Compare training to failure during the exercise with doing multiple sets like supersets, trisets, and giant sets, etc. without breaking form. Which do you recommend? Any advice?
All the best,
My Answer: A triset consists of 3 sets strung together, so 3 trisets count as 9 sets. As far as training to failure, try not to go to complete failure on trisets, supersets or giant sets. Once your form starts to break down, then you should end the set.
Q: Hi James! Thanks for all your information. You helped me put on 30 pounds of mass! I never thought I would be this big, back when I was at 130 lbs.
I had a few questions for you though now that I’ve gotten up to 160 lbs. I’ve been following the target diet you told me about last year (30% carbs, 30% protein, 30% fat) at about 3100 calories a day. I’ve been training at least 4 times a week.
I seem to be plateauing at 160 pounds. I can’t seem to make any gains. Should I up my calories even more? By how much?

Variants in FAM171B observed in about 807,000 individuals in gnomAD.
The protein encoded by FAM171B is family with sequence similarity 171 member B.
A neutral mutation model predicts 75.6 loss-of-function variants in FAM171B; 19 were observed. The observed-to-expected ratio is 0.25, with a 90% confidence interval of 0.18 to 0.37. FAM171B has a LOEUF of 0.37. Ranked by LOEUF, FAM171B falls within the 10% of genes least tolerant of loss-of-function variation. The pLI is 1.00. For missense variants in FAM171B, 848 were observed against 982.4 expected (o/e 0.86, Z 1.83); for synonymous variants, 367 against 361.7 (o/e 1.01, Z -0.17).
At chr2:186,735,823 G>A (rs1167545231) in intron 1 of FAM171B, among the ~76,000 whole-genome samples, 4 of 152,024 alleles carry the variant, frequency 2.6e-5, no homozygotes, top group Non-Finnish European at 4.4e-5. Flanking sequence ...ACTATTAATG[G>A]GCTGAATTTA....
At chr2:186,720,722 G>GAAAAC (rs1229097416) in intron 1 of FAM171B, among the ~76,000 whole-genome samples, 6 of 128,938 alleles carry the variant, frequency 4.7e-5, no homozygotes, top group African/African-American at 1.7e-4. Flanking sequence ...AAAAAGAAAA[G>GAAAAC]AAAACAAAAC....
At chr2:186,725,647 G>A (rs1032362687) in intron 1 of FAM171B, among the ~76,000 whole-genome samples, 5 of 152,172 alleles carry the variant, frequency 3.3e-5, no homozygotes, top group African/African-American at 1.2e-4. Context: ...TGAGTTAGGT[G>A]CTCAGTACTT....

I also feel like I’ve been getting a little too large for my preference in my midsection. I’m guessing I’m around 15% body fat now. Do you have any suggestions?
I appreciate all your work and thank you so much for helping me reach my goals!!
P.S. I am 6’0 tall, 22 years old, 160 lbs.
My Answer: Good job in packing on 30 pounds of mass! Now that you’ve hit a plateau, you should change things up. With training you alternate between density and decompression phases. With diet it’s the same way: you alternate between high and low caloric intake, high and low protein intake, high and low carb intake.
In my books, I refer to the ZigZag Diet, where you alternate between 5 days of high calorie and 2 days of low calorie intake. I suggest you scale back from the high calorie intake and alternate between 5 days of iso-caloric intake (33% protein, 33% carbs, 33% fats) and 2 days of low carb, low calorie eating. Think of the 2-day low calorie phase as hitting the reset button on your metabolism. It’s analogous to the decompression phases of your training.
During the 5 day phase, eat as you normally would. During the 2 days of low calorie, low carb intake eat fewer meals in the day (2-3). Avoid white carbs (sugar and starches like breads, pastas, pastries, rice, etc.) and eat green leafy vegetables instead. In fact, if you want to go vegetarian during the 2-day phase, then that’s fine.